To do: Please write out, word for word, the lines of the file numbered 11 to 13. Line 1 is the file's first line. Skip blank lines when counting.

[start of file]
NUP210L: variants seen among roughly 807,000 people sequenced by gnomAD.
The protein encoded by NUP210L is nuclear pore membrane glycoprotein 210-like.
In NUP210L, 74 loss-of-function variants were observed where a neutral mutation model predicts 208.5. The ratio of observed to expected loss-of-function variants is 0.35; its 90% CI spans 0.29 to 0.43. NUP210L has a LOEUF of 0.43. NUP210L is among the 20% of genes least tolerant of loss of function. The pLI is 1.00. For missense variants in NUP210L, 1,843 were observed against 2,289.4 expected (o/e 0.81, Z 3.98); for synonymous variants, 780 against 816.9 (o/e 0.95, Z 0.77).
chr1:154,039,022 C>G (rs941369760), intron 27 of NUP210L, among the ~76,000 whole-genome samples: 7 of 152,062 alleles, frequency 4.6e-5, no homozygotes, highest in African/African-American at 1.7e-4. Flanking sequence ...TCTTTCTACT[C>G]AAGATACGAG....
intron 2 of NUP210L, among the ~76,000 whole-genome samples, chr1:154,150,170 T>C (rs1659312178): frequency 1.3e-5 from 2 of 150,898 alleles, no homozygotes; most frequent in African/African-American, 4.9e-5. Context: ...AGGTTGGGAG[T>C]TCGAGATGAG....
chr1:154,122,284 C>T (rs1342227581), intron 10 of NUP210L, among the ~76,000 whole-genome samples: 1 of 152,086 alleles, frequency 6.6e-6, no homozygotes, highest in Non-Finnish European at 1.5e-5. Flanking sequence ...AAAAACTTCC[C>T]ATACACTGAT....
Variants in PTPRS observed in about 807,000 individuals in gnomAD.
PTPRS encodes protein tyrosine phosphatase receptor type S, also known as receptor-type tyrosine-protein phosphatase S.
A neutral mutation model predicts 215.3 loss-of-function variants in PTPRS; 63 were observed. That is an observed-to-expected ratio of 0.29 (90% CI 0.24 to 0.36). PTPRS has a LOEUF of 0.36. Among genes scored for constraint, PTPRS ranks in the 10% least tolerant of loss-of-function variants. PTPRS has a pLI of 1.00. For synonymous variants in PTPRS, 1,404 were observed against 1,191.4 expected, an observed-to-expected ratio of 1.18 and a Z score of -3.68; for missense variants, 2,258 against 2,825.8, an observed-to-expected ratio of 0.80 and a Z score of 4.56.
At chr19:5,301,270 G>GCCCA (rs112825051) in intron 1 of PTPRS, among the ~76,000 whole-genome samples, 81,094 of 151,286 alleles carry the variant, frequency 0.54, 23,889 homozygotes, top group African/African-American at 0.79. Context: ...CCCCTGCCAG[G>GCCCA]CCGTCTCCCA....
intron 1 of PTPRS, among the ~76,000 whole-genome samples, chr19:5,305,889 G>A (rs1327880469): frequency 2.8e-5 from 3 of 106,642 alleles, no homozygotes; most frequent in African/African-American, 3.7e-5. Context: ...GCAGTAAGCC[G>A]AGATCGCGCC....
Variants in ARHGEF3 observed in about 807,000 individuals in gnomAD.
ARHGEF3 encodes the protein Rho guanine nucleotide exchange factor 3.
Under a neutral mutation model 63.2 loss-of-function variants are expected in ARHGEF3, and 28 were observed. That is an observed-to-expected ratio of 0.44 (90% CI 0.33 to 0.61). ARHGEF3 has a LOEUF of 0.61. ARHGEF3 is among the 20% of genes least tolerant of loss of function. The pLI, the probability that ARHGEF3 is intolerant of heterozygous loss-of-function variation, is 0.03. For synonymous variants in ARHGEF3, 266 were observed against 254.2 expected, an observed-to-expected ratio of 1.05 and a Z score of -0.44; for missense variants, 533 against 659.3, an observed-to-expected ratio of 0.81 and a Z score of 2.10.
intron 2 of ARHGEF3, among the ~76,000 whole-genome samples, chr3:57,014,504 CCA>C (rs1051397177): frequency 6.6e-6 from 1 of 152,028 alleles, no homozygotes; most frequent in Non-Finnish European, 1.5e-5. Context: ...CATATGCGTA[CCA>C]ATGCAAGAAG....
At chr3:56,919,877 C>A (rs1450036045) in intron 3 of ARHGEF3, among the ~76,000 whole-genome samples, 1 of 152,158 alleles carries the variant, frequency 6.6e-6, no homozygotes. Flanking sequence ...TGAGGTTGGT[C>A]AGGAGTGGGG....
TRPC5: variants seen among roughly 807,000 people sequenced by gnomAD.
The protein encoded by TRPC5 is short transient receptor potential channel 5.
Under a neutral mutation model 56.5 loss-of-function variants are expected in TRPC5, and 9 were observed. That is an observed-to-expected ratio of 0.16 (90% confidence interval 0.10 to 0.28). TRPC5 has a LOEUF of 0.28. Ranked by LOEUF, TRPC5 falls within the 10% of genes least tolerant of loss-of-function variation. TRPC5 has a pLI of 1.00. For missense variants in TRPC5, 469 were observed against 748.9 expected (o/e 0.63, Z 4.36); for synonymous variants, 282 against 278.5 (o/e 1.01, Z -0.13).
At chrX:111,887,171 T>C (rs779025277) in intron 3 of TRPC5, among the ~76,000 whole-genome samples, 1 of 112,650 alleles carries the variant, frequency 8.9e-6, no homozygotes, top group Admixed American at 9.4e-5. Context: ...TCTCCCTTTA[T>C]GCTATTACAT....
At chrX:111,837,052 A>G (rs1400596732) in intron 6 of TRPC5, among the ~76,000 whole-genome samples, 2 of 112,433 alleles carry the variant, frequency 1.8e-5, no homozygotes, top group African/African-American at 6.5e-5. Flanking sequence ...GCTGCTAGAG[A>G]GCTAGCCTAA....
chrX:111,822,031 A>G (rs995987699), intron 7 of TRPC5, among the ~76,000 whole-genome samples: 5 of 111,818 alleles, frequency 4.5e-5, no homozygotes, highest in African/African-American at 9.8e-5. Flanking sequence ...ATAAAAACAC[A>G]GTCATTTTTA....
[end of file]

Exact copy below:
intron 1 of PTPRS, among the ~76,000 whole-genome samples, chr19:5,305,889 G>A (rs1327880469): frequency 2.8e-5 from 3 of 106,642 alleles, no homozygotes; most frequent in African/African-American, 3.7e-5. Context: ...GCAGTAAGCC[G>A]AGATCGCGCC....
Variants in ARHGEF3 observed in about 807,000 individuals in gnomAD.
ARHGEF3 encodes the protein Rho guanine nucleotide exchange factor 3.